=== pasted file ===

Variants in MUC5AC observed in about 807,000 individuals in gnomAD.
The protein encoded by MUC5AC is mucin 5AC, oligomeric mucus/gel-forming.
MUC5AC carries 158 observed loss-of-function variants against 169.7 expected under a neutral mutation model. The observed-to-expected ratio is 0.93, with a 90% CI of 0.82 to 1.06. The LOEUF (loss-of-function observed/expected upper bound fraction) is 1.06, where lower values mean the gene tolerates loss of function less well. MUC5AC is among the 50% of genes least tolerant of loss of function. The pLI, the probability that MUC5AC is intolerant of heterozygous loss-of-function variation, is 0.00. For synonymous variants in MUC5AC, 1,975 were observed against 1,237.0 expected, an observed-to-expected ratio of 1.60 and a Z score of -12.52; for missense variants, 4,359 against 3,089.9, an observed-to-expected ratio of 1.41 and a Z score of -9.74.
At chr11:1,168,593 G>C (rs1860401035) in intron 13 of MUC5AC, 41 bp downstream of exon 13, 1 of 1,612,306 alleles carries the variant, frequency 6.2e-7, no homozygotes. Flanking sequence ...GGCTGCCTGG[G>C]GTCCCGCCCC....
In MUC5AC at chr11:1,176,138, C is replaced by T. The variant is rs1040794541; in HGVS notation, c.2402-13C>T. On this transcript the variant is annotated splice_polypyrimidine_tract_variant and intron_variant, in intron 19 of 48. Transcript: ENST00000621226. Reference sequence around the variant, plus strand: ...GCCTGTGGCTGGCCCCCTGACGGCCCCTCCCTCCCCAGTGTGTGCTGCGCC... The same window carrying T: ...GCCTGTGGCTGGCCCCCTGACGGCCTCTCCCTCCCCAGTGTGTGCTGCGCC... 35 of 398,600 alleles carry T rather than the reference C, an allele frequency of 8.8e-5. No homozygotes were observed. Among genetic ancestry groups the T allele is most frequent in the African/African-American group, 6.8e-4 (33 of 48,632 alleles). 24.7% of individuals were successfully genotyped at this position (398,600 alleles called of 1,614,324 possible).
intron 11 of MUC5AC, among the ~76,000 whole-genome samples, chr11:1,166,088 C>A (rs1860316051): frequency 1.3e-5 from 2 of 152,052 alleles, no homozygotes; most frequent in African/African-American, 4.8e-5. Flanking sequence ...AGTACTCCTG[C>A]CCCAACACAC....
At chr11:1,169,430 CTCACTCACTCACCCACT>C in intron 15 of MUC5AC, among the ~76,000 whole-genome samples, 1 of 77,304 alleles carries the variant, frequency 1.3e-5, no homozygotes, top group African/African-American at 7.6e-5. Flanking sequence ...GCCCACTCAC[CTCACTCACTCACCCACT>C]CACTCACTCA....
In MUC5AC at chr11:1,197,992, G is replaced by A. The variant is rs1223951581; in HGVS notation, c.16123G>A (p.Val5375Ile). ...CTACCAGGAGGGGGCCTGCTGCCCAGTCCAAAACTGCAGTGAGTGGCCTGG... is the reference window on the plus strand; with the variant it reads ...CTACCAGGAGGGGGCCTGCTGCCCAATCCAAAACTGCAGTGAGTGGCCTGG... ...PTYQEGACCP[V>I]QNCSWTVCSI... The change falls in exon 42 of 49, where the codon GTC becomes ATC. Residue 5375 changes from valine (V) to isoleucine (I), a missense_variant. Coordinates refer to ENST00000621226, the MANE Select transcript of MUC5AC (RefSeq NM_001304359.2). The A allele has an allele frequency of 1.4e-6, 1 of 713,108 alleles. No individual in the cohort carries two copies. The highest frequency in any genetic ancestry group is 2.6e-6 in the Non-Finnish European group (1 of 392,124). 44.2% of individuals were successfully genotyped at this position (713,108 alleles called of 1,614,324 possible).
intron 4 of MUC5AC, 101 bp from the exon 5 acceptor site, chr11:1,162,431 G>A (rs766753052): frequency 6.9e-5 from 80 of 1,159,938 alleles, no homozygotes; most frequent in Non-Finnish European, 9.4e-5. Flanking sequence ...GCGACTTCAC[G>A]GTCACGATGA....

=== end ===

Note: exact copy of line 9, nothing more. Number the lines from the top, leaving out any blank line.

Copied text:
intron 4 of MUC5AC, 101 bp from the exon 5 acceptor site, chr11:1,162,431 G>A (rs766753052): frequency 6.9e-5 from 80 of 1,159,938 alleles, no homozygotes; most frequent in Non-Finnish European, 9.4e-5. Flanking sequence ...GCGACTTCAC[G>A]GTCACGATGA....